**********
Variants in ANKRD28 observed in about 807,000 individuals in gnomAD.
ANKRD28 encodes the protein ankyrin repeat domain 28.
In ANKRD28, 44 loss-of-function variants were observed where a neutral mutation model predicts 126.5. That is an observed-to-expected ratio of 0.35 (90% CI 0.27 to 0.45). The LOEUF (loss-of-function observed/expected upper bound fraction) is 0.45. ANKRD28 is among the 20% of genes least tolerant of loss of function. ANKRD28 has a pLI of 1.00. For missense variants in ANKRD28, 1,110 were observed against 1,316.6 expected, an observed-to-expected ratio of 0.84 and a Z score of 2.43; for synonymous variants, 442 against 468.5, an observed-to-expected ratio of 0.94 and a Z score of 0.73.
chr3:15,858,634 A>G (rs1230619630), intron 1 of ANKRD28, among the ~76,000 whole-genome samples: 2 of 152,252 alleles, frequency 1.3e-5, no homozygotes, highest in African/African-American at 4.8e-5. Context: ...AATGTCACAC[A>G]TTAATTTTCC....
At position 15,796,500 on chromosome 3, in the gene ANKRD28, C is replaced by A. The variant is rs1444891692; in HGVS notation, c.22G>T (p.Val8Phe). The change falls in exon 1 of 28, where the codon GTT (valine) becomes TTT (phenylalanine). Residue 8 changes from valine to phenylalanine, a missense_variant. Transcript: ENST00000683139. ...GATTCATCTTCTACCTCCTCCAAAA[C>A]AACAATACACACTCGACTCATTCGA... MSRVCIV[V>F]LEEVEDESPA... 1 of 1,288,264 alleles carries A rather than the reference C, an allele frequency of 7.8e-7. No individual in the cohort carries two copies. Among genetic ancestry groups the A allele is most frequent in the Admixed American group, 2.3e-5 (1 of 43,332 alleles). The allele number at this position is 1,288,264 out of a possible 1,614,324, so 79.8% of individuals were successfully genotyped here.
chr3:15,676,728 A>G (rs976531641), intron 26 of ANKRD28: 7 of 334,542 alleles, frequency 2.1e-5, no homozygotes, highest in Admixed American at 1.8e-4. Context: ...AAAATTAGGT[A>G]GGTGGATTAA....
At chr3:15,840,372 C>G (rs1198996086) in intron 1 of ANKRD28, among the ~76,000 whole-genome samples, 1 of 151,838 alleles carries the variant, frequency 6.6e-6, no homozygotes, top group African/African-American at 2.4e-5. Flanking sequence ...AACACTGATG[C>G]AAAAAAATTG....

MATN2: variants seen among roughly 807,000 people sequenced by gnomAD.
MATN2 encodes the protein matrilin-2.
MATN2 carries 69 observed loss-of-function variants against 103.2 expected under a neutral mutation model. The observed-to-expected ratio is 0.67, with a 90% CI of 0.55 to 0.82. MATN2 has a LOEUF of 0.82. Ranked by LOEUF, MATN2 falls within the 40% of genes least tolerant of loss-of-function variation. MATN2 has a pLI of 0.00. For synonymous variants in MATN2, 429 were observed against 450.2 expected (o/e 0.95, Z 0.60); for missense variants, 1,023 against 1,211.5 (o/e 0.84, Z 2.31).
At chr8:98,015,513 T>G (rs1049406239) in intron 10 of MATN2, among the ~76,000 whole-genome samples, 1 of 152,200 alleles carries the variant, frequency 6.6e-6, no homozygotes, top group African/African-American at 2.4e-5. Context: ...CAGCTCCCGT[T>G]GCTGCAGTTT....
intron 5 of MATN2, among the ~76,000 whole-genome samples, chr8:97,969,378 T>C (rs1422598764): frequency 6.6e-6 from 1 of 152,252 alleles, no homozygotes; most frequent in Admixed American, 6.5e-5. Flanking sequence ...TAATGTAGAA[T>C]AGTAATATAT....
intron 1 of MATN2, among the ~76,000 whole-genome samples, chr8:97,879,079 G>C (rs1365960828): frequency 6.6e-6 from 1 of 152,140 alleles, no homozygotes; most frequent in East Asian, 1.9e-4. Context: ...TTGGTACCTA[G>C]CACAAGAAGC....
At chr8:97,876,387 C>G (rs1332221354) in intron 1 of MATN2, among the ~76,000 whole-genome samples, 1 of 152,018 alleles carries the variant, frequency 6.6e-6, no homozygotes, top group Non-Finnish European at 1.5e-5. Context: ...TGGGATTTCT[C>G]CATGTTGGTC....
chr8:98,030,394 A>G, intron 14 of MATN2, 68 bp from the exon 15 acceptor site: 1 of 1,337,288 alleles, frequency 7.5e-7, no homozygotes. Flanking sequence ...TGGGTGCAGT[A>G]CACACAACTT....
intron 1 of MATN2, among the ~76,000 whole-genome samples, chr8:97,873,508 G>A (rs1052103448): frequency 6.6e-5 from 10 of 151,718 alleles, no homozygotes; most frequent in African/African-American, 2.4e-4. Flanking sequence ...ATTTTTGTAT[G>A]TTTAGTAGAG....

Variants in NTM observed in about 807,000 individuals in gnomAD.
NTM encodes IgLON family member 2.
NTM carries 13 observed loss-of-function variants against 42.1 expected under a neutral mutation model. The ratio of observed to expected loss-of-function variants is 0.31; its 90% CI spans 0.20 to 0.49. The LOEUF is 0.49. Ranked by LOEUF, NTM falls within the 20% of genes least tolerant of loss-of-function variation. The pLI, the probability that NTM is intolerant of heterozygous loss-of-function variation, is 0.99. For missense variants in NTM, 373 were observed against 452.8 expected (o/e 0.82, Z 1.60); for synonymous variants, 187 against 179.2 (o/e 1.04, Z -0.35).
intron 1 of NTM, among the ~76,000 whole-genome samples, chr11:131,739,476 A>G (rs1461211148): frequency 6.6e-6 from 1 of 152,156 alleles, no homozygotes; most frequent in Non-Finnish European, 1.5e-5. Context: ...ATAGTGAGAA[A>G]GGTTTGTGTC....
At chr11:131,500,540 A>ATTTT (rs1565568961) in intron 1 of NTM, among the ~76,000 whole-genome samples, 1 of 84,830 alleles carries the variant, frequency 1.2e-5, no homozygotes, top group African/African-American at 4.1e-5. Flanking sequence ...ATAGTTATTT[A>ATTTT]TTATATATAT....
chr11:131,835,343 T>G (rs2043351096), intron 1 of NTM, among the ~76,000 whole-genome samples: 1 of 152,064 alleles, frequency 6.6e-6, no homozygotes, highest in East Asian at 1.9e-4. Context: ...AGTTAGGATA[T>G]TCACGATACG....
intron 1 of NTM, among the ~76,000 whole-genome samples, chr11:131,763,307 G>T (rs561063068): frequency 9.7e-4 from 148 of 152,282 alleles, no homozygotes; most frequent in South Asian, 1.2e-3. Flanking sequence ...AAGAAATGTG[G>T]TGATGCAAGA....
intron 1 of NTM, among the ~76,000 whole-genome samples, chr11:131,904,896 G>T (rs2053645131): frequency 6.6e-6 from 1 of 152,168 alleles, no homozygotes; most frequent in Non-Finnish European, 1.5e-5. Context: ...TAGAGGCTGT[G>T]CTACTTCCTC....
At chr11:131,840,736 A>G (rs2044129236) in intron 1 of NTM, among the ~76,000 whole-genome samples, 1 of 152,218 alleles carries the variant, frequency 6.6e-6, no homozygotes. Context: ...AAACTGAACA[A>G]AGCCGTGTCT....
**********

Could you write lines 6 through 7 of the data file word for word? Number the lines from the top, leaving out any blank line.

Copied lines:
chr3:15,676,728 A>G (rs976531641), intron 26 of ANKRD28: 7 of 334,542 alleles, frequency 2.1e-5, no homozygotes, highest in Admixed American at 1.8e-4. Context: ...AAAATTAGGT[A>G]GGTGGATTAA....
At chr3:15,840,372 C>G (rs1198996086) in intron 1 of ANKRD28, among the ~76,000 whole-genome samples, 1 of 151,838 alleles carries the variant, frequency 6.6e-6, no homozygotes, top group African/African-American at 2.4e-5. Flanking sequence ...AACACTGATG[C>G]AAAAAAATTG....